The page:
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Sexual Motivation Emotion Copyright © 2011 Pearson Education, Inc. All Rights Reserved
The frequency of sexual activity varies across cultures. In general, males: Think about sex more Have more interest in purely physical sex with no emotional involvement Are more concerned about sexual fidelity The gender gap in sexual attitudes is becoming narrower. Copyright © 2011 Pearson Education, Inc. All Rights Reserved
Gender differences in mating may be due to parental investment. Parenting requires a bigger investment from the female (gestation, child dependency). Females tend to choose mates who are stable and able to provide protection for the family. Men make a smaller investment. Males tend to seek more partners and partners with high reproductive capacity. Copyright © 2011 Pearson Education, Inc. All Rights Reserved
Masters and Johnson (1966) described 4 phases of the human sexual response cycle. Excitement phase Plateau phase Orgasm Resolution phase Sexual response is strongly influenced by hormones. Testosterone is important for both males and females in maintaining sexual interest and responsiveness. A higher incidence of sexual fantasies is associated with a more satisfactory sex life. Copyright © 2011 Pearson Education, Inc. All Rights Reserved
Reliable studies on the presence of homosexual behavior are lacking. 2.8 percent of men and 1.4 percent of women identify themselves as homosexual or bisexual. 5.3 percent of men and 3.5 percent of women report sexual experiences with a person of the same sex. Genetic predisposition increases the likelihood of homosexual orientation in both sexes. Fifty to sixty percent of identical twins of gay men are also gay. About 50 percent of identical twins of lesbian women are also lesbian. Copyright © 2011 Pearson Education, Inc. All Rights Reserved
Prenatal hormones play a role. Studies examine inconsistencies on the left and right sides of the body. Brain structure may also differ between gay men and heterosexual men. An area in the hypothalamus involved in sexual behavior may be larger in gay men. Family life during childhood has not been identified as a predictor of sexual orientation. Sexual orientation is the result of a complex interplay of nature and nurture. Copyright © 2011 Pearson Education, Inc. All Rights Reserved
Homosexuality was labeled a disorder by mental health professionals until 1973. currently considered a disorder only if the individual considers it a problem Men are more likely to disapprove of homosexuality. Fifty-four percent of women and forty-five percent of men say that homosexuality is morally acceptable. A majority of Americans oppose discrimination based on sexual orientation. Copyright © 2011 Pearson Education, Inc. All Rights Reserved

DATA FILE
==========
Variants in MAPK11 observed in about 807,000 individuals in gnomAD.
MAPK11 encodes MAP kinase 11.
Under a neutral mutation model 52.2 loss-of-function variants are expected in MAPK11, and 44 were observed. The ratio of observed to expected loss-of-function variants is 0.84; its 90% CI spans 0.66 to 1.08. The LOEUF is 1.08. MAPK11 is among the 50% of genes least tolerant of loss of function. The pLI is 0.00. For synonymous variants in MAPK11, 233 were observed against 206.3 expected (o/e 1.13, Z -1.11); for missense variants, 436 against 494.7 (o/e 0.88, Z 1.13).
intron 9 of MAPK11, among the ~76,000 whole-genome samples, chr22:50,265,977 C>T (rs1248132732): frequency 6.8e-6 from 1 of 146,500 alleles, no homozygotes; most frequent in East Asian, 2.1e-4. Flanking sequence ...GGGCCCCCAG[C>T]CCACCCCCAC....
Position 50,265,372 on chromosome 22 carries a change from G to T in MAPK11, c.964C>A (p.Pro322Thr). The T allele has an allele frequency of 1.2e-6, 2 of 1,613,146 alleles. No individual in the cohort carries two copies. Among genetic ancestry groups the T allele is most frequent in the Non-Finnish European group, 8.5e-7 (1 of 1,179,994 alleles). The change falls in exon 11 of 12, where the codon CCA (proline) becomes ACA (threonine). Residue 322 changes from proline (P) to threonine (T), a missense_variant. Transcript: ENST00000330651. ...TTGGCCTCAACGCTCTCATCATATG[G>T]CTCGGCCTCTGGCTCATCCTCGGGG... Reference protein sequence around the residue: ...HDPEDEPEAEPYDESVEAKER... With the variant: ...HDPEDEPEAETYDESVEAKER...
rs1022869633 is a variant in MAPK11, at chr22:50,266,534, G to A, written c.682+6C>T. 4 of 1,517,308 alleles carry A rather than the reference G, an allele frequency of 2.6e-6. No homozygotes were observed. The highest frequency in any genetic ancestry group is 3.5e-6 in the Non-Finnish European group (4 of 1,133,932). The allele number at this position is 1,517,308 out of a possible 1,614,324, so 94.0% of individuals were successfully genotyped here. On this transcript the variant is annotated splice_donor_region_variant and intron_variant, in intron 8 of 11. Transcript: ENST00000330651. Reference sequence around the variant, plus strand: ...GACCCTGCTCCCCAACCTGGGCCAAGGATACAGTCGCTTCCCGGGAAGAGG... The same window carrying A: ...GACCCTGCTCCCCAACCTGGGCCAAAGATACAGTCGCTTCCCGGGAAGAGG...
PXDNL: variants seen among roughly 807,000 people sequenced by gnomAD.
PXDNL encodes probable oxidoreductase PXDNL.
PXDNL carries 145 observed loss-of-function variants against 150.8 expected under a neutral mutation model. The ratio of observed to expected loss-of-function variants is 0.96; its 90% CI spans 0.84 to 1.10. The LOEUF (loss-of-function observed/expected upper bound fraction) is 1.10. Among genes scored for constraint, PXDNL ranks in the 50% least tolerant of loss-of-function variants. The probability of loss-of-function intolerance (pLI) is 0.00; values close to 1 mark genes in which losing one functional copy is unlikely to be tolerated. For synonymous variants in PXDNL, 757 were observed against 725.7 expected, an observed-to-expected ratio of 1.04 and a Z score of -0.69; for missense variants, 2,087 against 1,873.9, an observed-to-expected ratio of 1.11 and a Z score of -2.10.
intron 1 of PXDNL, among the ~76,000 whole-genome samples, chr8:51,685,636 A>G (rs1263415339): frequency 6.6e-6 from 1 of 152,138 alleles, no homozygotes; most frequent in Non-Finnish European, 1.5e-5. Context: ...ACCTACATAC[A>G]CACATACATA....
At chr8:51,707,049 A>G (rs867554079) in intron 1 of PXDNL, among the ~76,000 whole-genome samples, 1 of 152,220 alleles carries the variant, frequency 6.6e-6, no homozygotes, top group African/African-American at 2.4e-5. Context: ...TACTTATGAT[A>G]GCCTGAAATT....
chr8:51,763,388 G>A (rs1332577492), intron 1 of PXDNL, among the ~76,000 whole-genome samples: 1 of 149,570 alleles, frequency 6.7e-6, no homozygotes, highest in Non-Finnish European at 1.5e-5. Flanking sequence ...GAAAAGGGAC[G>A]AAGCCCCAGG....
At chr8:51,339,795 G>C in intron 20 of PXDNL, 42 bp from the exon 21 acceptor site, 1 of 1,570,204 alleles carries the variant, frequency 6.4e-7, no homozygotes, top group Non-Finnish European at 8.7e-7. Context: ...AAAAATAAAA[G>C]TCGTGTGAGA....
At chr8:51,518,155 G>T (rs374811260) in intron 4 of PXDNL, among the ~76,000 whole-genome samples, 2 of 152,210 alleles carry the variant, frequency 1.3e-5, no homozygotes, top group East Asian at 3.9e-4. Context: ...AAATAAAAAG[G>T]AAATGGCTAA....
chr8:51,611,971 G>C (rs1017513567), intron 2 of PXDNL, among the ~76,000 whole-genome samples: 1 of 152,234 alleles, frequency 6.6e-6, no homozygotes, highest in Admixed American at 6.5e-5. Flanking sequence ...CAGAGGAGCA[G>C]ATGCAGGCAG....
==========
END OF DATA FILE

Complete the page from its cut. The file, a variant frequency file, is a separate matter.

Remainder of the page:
Different patterns of arousal in the autonomic nervous system produce different emotions. Physiological arousal appears before the emotion is perceived.
Emotion-provoking stimuli are perceived by the senses. Relayed to cerebral cortex and sympathetic nervous system The cerebral cortex is responsible for the conscious experience of emotion. The sympathetic nervous system causes physiological arousal. Emotions are experienced psychologically and physiologically at the same time. Copyright © 2011 Pearson Education, Inc. All Rights Reserved
Earlier theories left out subjective cognitive interpretation of why a state of arousal has occurred. To experience an emotion, 2 factors must be present. Physiological arousal Cognitive interpretation of the arousal, so the person can label it as a specific emotion Copyright © 2011 Pearson Education, Inc. All Rights Reserved
Cognitive appraisal is the first step in an emotional response. All aspects of an emotion, including physiological arousal, depend on it. Cognitive appraisal determines the type of emotional response. Critics point out that some emotional reactions are instantaneous. That is, they occur too rapidly for cognitive appraisal. Copyright © 2011 Pearson Education, Inc. All Rights Reserved
Amygdala associated with fear activated by a threatening stimulus before a person becomes consciously aware of it Cerebral Cortex regulates amygdala based on interpretation of the situation Anterior Cingulate Cortex (ACC) suppresses emotional cues associated with immediate reward Emotions are lateralized in cerebral hemispheres. sad feelings: left hemisphere perception of others’ emotions: right hemisphere pattern more pronounced in females Copyright © 2011 Pearson Education, Inc. All Rights Reserved
Affective Neuroscience study of neurological foundations of emotion Each emotion has a distinctive pattern in the brain. Copyright © 2011 Pearson Education, Inc. All Rights Reserved
Women are as likely as men to express anger in private, but less likely than men to express it publicly (Cupach & Canary, 1995). Women respond with more emotional intensity than men. experience both greater joy and sorrow (Fujita, Diener, & Sandvik, 1991) Women’s cortisol levels increased after discussions of negative events; men’s levels remain constant. Might women be more physiologically sensitive to negative emotion? Copyright © 2011 Pearson Education, Inc. All Rights Reserved
Basic Emotions unlearned, universal across cultures fear, anger, disgust, surprise, joy or happiness, and sadness or distress culture and emotion display rules: dictate how emotions should be expressed Each culture has an “accent” with facial expressions. Copyright © 2011 Pearson Education, Inc. All Rights Reserved
Muscular movements involved in facial expressions produce corresponding emotions. example: feel angry and adopt an angry expression, then feel angrier Martin Seligman We can and should exert control over our emotions. maintain positive states and avoid negative ones developed positive psychology movement Copyright © 2011 Pearson Education, Inc. All Rights Reserved
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